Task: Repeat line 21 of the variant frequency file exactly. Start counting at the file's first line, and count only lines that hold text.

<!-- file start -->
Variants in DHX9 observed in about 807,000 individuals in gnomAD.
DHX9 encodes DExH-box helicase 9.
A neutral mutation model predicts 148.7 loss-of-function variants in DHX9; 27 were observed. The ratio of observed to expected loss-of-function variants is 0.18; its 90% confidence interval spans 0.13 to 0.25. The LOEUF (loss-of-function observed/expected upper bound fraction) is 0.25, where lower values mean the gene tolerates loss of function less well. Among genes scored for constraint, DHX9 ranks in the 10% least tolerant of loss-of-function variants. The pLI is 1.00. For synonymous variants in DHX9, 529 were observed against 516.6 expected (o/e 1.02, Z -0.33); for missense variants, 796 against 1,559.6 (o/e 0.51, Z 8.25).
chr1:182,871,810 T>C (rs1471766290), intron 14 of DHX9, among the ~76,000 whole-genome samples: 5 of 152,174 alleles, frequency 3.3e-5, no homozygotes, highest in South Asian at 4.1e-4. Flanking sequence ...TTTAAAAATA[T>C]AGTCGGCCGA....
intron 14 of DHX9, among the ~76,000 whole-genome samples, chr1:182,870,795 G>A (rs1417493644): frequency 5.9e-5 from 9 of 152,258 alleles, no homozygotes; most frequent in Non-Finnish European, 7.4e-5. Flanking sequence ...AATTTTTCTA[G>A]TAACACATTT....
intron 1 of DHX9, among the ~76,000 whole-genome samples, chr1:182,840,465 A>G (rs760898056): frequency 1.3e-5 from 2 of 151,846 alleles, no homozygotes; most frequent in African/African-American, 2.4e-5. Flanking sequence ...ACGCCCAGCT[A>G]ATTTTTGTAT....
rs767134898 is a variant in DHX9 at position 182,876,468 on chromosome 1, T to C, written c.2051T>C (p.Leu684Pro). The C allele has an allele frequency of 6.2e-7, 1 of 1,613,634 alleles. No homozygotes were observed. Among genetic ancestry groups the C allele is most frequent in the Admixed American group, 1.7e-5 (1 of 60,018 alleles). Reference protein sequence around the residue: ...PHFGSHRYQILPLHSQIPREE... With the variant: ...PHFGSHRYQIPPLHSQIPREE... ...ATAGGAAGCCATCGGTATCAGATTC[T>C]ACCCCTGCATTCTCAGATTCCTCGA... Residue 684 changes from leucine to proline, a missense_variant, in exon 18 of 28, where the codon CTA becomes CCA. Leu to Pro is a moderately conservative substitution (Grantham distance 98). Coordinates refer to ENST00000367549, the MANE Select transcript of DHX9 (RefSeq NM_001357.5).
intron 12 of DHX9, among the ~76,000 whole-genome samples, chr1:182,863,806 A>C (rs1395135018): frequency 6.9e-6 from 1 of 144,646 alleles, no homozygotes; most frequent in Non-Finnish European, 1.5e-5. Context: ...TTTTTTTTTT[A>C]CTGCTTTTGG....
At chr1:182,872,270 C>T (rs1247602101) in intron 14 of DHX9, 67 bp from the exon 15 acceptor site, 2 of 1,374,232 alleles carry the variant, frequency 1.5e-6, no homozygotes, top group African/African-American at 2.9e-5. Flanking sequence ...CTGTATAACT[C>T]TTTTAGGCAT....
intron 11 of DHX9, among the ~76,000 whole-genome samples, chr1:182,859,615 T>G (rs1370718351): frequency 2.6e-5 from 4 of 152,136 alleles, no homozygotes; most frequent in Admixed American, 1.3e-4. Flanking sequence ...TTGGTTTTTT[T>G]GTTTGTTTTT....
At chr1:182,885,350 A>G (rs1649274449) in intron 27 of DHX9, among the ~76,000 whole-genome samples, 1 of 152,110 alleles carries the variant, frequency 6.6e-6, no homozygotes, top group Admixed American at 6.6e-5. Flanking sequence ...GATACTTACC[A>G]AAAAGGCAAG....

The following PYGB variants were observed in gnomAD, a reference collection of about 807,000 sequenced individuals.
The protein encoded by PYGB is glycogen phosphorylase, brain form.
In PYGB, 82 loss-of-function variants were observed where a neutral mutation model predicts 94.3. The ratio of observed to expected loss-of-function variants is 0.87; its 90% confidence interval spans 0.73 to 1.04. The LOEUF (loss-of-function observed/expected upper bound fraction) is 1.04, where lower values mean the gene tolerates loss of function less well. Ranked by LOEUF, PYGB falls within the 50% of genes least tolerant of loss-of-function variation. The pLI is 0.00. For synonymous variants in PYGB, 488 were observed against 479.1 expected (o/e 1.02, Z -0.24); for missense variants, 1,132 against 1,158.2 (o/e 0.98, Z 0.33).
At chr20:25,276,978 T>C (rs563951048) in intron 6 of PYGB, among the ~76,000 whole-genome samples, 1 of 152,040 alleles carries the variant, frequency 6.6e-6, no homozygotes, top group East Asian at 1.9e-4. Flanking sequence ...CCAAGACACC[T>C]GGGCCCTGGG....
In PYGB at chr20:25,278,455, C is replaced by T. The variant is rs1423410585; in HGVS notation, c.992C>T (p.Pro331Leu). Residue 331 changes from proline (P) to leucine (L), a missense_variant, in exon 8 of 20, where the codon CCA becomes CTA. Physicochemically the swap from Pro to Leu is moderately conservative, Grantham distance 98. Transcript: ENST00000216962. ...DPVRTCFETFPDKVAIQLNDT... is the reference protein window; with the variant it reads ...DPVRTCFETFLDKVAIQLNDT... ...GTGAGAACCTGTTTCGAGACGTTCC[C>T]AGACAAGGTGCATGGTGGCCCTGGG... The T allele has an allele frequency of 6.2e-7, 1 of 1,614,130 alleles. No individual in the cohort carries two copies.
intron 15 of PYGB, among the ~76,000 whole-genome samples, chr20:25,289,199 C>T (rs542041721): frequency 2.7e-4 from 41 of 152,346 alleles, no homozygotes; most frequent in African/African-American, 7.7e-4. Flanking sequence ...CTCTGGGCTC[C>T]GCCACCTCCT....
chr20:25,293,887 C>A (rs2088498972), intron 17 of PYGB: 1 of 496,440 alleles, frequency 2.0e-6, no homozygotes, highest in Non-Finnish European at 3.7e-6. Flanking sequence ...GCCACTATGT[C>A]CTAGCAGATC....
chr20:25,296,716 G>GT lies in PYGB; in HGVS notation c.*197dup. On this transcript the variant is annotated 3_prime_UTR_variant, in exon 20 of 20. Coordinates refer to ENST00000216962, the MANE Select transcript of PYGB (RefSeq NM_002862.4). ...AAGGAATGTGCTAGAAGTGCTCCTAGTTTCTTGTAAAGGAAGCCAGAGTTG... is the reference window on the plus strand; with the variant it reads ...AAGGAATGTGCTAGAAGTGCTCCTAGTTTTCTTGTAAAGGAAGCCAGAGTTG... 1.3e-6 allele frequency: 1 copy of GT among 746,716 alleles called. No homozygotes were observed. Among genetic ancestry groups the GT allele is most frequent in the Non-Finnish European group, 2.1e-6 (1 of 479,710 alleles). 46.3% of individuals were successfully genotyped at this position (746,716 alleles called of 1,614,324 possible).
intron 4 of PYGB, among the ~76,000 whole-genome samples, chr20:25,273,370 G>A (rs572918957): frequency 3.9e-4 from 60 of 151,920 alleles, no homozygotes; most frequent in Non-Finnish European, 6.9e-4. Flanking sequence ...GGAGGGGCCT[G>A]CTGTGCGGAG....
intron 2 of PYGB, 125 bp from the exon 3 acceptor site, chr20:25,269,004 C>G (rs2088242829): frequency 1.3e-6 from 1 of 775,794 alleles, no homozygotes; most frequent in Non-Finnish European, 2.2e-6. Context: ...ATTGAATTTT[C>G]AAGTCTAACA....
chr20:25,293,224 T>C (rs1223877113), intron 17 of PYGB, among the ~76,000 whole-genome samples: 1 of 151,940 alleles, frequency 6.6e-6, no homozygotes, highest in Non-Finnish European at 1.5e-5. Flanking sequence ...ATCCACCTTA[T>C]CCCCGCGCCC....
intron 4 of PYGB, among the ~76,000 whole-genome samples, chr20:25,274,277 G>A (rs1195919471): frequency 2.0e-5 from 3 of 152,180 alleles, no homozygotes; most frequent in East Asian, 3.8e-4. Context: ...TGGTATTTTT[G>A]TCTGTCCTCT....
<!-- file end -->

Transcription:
intron 2 of PYGB, 125 bp from the exon 3 acceptor site, chr20:25,269,004 C>G (rs2088242829): frequency 1.3e-6 from 1 of 775,794 alleles, no homozygotes; most frequent in Non-Finnish European, 2.2e-6. Context: ...ATTGAATTTT[C>G]AAGTCTAACA....